Tax holiday leaves retailers smiling
Sales could top $500m projection
By the time retailers closed their doors Sunday, many were proclaiming the state’s sales tax holiday a success, with stories of busy cash registers and filled parking lots — but there were few numbers.
Businesses were jubilant about the boost in business, and the Retailers Association of Massachusetts said sales statewide appear to have exceeded the expectations of $500 million over the weekend.
The state Department of Revenue, which had estimated a loss of $20 million to $23 million in tax revenue for the two days, said the actual figures will not be available until October.
Some businesses, such as Yale Appliance and Lighting in Boston, have already tallied how much money they took in Saturday and Sunday, when the 6.25 percent tax on most products priced under $2,500 was waived. There were about 1,800 transactions at Yale Appliance, compared with about 150 on a typical summer weekend, said owner Steven Sheinkopf, accounting for about $5 million in sales.
That was double the store’s revenue from last August, when there was no tax holiday, he said. The temporary tax cut was enough to convince people to buy appliances they may have been considering for some time, Sheinkopf said.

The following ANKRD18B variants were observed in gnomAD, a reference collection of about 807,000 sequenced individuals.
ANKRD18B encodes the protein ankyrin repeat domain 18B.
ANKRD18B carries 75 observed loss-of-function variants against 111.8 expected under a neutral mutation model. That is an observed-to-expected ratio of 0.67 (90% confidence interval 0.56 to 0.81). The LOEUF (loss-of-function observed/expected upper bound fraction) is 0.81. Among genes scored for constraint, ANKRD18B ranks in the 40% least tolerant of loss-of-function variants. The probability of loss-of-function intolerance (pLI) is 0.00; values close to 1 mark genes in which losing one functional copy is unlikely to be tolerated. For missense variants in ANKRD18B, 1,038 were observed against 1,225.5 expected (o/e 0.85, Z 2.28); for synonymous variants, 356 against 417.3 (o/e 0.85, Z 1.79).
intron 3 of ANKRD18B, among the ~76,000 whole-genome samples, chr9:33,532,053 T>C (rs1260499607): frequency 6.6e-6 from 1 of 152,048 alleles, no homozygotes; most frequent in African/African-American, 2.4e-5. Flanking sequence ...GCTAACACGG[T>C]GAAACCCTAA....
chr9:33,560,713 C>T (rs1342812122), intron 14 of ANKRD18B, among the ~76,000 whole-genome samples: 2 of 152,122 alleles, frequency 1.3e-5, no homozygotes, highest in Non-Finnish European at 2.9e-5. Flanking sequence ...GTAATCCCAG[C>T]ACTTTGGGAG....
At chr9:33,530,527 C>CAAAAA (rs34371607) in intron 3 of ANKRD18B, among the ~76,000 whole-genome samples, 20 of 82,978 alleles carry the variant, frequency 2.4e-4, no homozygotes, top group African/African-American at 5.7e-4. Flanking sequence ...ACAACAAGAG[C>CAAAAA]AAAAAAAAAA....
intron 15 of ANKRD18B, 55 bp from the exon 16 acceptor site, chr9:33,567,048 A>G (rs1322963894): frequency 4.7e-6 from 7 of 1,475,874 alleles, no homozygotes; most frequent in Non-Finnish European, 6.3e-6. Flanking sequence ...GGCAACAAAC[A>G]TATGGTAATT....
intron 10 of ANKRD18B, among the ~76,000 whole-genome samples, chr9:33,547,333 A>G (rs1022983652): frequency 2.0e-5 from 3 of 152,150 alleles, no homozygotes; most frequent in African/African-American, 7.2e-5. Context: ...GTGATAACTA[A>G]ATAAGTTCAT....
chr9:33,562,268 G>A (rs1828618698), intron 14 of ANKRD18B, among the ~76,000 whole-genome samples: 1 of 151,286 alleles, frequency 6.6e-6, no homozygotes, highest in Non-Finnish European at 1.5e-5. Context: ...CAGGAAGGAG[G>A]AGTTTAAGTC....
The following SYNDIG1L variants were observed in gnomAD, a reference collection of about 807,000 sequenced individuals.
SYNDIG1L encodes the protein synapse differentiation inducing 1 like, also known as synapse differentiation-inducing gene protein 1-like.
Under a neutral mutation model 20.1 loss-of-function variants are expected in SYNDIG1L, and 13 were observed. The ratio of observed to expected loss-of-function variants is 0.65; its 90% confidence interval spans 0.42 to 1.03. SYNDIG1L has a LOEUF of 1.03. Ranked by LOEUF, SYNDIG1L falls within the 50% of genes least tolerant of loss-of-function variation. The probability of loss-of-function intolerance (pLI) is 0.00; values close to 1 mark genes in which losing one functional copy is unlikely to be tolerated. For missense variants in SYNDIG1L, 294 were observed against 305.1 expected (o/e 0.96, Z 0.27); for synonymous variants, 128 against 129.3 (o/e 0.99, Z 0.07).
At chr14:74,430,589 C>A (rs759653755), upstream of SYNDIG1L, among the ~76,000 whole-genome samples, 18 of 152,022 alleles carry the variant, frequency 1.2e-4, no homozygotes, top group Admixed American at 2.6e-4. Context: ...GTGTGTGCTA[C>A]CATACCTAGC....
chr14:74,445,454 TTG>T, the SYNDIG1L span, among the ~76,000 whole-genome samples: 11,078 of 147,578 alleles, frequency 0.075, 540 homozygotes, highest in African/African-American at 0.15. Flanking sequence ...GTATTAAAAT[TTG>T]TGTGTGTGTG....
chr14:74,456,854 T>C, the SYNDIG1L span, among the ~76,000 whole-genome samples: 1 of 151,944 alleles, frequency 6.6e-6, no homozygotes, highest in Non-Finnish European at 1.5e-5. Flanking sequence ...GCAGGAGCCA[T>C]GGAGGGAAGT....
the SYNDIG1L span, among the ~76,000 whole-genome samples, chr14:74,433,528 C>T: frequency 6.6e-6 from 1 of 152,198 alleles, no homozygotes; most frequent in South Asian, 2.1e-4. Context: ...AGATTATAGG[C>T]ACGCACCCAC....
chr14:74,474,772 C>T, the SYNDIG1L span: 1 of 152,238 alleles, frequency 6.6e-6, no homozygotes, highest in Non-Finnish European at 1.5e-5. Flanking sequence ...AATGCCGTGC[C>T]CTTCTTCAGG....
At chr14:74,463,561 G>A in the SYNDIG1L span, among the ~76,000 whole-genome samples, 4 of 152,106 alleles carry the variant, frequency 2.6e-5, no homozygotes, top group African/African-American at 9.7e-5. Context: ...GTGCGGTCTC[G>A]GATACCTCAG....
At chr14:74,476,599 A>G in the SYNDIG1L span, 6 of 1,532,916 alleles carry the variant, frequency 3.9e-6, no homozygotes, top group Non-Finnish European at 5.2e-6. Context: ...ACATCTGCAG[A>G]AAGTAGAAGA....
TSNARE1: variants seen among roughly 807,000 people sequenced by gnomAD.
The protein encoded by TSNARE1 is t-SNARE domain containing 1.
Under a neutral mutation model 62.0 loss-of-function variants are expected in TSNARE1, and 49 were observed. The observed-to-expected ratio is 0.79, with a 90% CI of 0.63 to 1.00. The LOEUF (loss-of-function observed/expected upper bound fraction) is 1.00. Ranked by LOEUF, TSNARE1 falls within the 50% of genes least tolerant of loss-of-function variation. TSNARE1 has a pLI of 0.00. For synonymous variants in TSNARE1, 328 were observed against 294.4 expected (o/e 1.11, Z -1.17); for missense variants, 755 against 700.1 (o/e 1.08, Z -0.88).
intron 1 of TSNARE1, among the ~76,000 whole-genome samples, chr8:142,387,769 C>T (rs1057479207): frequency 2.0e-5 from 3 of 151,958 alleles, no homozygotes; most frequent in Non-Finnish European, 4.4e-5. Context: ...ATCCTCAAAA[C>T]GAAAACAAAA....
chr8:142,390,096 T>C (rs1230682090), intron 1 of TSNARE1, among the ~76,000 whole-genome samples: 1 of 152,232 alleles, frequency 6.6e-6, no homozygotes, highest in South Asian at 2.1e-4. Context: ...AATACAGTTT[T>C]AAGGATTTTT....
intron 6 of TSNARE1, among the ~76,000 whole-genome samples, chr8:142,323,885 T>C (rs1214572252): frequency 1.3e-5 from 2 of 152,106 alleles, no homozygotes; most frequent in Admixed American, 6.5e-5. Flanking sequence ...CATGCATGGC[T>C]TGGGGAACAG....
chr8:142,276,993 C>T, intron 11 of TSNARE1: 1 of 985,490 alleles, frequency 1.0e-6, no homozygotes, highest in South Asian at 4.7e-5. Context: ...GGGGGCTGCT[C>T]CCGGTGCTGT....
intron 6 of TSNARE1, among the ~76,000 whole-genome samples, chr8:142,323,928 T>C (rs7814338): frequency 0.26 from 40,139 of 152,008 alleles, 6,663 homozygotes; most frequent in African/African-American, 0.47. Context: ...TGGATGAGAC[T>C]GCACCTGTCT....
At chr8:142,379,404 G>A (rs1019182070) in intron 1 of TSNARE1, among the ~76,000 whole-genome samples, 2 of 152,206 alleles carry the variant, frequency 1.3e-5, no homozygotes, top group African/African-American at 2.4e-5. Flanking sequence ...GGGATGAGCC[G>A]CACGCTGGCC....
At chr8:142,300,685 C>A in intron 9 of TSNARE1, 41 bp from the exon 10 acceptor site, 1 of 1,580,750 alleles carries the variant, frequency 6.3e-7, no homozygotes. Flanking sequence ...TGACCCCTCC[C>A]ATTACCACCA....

“People have a tendency during a recession to keep their money very close without a reason to buy,’’ he said.
Tyler DeScenza, manager of DeScenza Diamonds’ downtown Boston store, said revenue tripled, compared with an average non-December weekend, even though DeScenza promoted “normal discounted prices.’’
“There was just constant traffic going through the store,’’ he said. “And people were buying, which was nice.’’
More than 50,000 people visited CambridgeSide Galleria during the weekend, said Issie Shait, the mall’s general manager. That was a 36 percent increase from the same weekend last year.
But with unemployment high and consumer confidence low, economists and other specialists said a two-day tax reprieve will not do much to turn the retail economy around.
“I’ve never been convinced that this is a great stimulus,’’ said state Representative Jay Kaufman, a Lexington Democrat who is House chairman of the Joint Committee on Revenue. “The larger stores can afford the advertisements that the small stores can’t, so one has to wonder whether consumers are being driven to those in the same numbers as they are to the larger chains.’’
Even Bill Rennie, vice president of the Retailers Association of Massachusetts, said that while he believes the benefits of the weekend sales will trickle down — for example, employees worked longer hours, so their paychecks will be bigger — he does not believe sales tax holidays spur continued spending or promote hiring.
“It’s important for the retail sector,’’ he said. “It gives them the opportunity to clear a lot of the inventory . . . and they’re able to bring in all the new merchandise now that they’ll be loading up for the holiday season.’’ But, he added, “I don’t see a long-term effect on the overall economy.’’
Bonnie Kavoussi can be reached at email@example.com.